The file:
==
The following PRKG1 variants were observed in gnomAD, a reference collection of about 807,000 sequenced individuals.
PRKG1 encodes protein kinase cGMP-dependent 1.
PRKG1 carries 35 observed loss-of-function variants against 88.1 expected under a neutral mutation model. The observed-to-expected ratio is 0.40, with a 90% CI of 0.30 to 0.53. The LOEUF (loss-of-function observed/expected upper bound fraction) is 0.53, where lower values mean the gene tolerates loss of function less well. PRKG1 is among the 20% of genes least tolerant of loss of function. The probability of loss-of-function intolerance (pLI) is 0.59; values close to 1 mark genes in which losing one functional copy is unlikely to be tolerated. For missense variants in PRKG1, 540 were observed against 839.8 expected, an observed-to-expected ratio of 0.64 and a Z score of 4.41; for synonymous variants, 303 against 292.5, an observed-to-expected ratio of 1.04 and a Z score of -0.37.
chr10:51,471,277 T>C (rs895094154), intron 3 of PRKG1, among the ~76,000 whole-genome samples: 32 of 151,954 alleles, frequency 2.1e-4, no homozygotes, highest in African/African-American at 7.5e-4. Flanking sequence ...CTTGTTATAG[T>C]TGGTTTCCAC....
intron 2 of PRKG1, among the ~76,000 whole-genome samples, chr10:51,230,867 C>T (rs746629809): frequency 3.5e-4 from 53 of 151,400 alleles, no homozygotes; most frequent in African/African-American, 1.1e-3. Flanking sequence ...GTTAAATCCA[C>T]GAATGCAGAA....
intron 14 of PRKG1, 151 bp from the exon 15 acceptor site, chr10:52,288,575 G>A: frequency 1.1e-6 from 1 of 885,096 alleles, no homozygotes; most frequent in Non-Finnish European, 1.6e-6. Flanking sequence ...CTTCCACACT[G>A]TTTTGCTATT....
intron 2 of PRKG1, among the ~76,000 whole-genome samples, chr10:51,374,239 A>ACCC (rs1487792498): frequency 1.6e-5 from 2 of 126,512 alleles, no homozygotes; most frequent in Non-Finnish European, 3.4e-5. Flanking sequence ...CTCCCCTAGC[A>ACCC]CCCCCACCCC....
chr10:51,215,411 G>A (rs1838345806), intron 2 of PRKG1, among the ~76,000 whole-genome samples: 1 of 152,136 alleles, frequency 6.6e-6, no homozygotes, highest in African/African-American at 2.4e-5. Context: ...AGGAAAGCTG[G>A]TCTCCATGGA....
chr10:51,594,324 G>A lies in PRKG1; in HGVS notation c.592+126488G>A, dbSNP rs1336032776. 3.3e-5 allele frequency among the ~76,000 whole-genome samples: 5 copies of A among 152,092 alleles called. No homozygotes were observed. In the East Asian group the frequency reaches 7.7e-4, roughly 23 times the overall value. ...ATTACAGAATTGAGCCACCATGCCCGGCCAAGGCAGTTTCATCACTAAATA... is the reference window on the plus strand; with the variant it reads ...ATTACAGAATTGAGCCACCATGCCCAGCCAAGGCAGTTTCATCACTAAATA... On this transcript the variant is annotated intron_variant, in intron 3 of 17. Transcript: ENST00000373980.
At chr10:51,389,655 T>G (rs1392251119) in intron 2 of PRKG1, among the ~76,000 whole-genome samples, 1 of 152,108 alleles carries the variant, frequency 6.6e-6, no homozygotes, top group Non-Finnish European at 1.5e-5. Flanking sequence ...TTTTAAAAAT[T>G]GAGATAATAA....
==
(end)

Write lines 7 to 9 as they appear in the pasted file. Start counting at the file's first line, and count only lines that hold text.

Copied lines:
intron 2 of PRKG1, among the ~76,000 whole-genome samples, chr10:51,374,239 A>ACCC (rs1487792498): frequency 1.6e-5 from 2 of 126,512 alleles, no homozygotes; most frequent in Non-Finnish European, 3.4e-5. Flanking sequence ...CTCCCCTAGC[A>ACCC]CCCCCACCCC....
chr10:51,215,411 G>A (rs1838345806), intron 2 of PRKG1, among the ~76,000 whole-genome samples: 1 of 152,136 alleles, frequency 6.6e-6, no homozygotes, highest in African/African-American at 2.4e-5. Context: ...AGGAAAGCTG[G>A]TCTCCATGGA....
chr10:51,594,324 G>A lies in PRKG1; in HGVS notation c.592+126488G>A, dbSNP rs1336032776. 3.3e-5 allele frequency among the ~76,000 whole-genome samples: 5 copies of A among 152,092 alleles called. No homozygotes were observed. In the East Asian group the frequency reaches 7.7e-4, roughly 23 times the overall value. ...ATTACAGAATTGAGCCACCATGCCCGGCCAAGGCAGTTTCATCACTAAATA... is the reference window on the plus strand; with the variant it reads ...ATTACAGAATTGAGCCACCATGCCCAGCCAAGGCAGTTTCATCACTAAATA... On this transcript the variant is annotated intron_variant, in intron 3 of 17. Transcript: ENST00000373980.